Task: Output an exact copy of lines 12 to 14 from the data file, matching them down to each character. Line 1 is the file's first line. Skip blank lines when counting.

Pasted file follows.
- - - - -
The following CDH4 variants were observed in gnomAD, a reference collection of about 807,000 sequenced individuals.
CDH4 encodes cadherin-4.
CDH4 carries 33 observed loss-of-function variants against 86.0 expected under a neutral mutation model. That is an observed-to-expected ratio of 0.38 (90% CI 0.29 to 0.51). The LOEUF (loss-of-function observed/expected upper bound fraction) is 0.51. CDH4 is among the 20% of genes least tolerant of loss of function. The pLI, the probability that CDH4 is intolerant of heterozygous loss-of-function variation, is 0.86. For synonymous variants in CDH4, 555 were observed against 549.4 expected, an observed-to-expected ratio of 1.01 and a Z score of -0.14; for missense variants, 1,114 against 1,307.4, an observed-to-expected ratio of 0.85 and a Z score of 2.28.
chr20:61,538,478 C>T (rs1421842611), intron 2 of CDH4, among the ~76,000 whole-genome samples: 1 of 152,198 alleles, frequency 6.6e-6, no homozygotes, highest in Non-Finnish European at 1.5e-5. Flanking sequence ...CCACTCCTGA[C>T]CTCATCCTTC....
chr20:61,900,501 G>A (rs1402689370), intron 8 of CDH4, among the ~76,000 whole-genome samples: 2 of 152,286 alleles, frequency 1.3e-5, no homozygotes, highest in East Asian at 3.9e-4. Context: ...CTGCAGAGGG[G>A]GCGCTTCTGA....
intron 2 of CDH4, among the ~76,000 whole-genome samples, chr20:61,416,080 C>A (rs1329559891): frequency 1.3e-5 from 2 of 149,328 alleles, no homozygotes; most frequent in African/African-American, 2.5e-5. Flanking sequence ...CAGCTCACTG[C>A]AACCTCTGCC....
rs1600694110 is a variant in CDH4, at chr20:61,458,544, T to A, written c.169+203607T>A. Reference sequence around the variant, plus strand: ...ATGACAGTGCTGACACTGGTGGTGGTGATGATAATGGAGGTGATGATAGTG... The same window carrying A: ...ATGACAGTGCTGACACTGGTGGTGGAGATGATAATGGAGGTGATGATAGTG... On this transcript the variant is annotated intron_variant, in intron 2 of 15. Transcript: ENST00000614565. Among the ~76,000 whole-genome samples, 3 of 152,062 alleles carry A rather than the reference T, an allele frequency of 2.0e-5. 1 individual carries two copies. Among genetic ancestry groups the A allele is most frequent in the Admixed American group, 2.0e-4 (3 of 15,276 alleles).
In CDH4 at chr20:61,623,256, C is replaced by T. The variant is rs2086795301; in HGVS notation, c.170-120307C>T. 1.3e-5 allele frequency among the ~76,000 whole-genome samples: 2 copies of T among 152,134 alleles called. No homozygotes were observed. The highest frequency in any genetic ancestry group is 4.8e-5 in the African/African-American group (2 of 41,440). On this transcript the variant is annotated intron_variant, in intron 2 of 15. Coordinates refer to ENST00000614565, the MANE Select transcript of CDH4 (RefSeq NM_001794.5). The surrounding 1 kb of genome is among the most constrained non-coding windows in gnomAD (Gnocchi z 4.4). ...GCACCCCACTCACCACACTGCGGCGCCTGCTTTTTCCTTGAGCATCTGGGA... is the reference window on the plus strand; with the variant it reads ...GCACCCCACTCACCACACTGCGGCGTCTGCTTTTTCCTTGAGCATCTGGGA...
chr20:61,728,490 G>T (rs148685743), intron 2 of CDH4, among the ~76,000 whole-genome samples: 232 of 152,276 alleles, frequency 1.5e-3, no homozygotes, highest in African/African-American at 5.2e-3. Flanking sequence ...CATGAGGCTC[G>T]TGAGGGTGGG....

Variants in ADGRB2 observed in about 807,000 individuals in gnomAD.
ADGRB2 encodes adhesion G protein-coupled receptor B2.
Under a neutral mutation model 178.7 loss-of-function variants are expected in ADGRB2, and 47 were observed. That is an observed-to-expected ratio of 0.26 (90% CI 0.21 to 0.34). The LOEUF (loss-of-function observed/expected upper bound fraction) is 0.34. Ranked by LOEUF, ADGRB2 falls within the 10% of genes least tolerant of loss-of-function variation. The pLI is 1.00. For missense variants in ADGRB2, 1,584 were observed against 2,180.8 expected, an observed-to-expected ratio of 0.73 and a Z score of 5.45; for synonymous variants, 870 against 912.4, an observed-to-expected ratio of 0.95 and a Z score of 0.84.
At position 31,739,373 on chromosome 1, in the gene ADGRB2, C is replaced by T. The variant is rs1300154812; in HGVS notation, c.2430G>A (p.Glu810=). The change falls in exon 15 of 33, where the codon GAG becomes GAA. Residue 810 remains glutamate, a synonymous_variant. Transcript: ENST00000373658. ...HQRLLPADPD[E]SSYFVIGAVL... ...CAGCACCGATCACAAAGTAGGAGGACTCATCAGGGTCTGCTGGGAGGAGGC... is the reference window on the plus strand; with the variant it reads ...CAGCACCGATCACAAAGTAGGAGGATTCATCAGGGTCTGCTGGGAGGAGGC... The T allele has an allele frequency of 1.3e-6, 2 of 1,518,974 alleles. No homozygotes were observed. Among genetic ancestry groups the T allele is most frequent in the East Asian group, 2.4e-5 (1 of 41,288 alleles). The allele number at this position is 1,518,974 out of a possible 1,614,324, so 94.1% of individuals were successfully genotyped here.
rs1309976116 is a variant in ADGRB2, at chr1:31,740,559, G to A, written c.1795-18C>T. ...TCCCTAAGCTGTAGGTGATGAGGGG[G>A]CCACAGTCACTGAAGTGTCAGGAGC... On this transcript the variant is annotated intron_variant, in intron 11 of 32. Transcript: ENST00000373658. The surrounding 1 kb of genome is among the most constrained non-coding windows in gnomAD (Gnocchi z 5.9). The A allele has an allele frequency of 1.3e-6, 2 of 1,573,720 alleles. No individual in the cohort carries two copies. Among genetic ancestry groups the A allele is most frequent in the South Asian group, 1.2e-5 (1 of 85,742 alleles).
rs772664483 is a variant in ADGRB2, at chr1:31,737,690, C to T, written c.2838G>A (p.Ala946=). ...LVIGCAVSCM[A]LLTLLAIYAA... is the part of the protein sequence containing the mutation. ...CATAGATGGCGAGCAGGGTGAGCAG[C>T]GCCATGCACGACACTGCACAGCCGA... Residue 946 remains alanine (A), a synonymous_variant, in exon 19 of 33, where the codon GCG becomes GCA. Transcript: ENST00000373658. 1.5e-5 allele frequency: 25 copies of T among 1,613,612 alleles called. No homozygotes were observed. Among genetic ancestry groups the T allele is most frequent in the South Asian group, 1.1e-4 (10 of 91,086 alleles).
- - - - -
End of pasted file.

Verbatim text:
Under a neutral mutation model 178.7 loss-of-function variants are expected in ADGRB2, and 47 were observed. That is an observed-to-expected ratio of 0.26 (90% CI 0.21 to 0.34). The LOEUF (loss-of-function observed/expected upper bound fraction) is 0.34. Ranked by LOEUF, ADGRB2 falls within the 10% of genes least tolerant of loss-of-function variation. The pLI is 1.00. For missense variants in ADGRB2, 1,584 were observed against 2,180.8 expected, an observed-to-expected ratio of 0.73 and a Z score of 5.45; for synonymous variants, 870 against 912.4, an observed-to-expected ratio of 0.95 and a Z score of 0.84.
At position 31,739,373 on chromosome 1, in the gene ADGRB2, C is replaced by T. The variant is rs1300154812; in HGVS notation, c.2430G>A (p.Glu810=). The change falls in exon 15 of 33, where the codon GAG becomes GAA. Residue 810 remains glutamate, a synonymous_variant. Transcript: ENST00000373658. ...HQRLLPADPD[E]SSYFVIGAVL... ...CAGCACCGATCACAAAGTAGGAGGACTCATCAGGGTCTGCTGGGAGGAGGC... is the reference window on the plus strand; with the variant it reads ...CAGCACCGATCACAAAGTAGGAGGATTCATCAGGGTCTGCTGGGAGGAGGC... The T allele has an allele frequency of 1.3e-6, 2 of 1,518,974 alleles. No homozygotes were observed. Among genetic ancestry groups the T allele is most frequent in the East Asian group, 2.4e-5 (1 of 41,288 alleles). The allele number at this position is 1,518,974 out of a possible 1,614,324, so 94.1% of individuals were successfully genotyped here.
rs1309976116 is a variant in ADGRB2, at chr1:31,740,559, G to A, written c.1795-18C>T. ...TCCCTAAGCTGTAGGTGATGAGGGG[G>A]CCACAGTCACTGAAGTGTCAGGAGC... On this transcript the variant is annotated intron_variant, in intron 11 of 32. Transcript: ENST00000373658. The surrounding 1 kb of genome is among the most constrained non-coding windows in gnomAD (Gnocchi z 5.9). The A allele has an allele frequency of 1.3e-6, 2 of 1,573,720 alleles. No individual in the cohort carries two copies. Among genetic ancestry groups the A allele is most frequent in the South Asian group, 1.2e-5 (1 of 85,742 alleles).